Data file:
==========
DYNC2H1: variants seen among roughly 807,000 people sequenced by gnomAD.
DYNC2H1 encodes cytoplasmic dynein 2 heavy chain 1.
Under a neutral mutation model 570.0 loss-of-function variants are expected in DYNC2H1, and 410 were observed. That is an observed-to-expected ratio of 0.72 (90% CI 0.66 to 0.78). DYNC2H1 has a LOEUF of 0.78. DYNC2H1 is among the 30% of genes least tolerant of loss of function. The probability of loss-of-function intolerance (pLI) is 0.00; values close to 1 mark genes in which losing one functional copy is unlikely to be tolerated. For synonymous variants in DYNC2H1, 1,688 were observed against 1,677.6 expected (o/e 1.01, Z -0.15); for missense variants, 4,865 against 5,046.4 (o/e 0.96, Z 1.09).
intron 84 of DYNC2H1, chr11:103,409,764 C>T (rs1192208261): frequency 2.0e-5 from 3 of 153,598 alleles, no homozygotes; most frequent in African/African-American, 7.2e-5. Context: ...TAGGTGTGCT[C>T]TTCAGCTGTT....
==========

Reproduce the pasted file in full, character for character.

DYNC2H1: variants seen among roughly 807,000 people sequenced by gnomAD.
DYNC2H1 encodes cytoplasmic dynein 2 heavy chain 1.
Under a neutral mutation model 570.0 loss-of-function variants are expected in DYNC2H1, and 410 were observed. That is an observed-to-expected ratio of 0.72 (90% CI 0.66 to 0.78). DYNC2H1 has a LOEUF of 0.78. DYNC2H1 is among the 30% of genes least tolerant of loss of function. The probability of loss-of-function intolerance (pLI) is 0.00; values close to 1 mark genes in which losing one functional copy is unlikely to be tolerated. For synonymous variants in DYNC2H1, 1,688 were observed against 1,677.6 expected (o/e 1.01, Z -0.15); for missense variants, 4,865 against 5,046.4 (o/e 0.96, Z 1.09).
intron 84 of DYNC2H1, chr11:103,409,764 C>T (rs1192208261): frequency 2.0e-5 from 3 of 153,598 alleles, no homozygotes; most frequent in African/African-American, 7.2e-5. Context: ...TAGGTGTGCT[C>T]TTCAGCTGTT....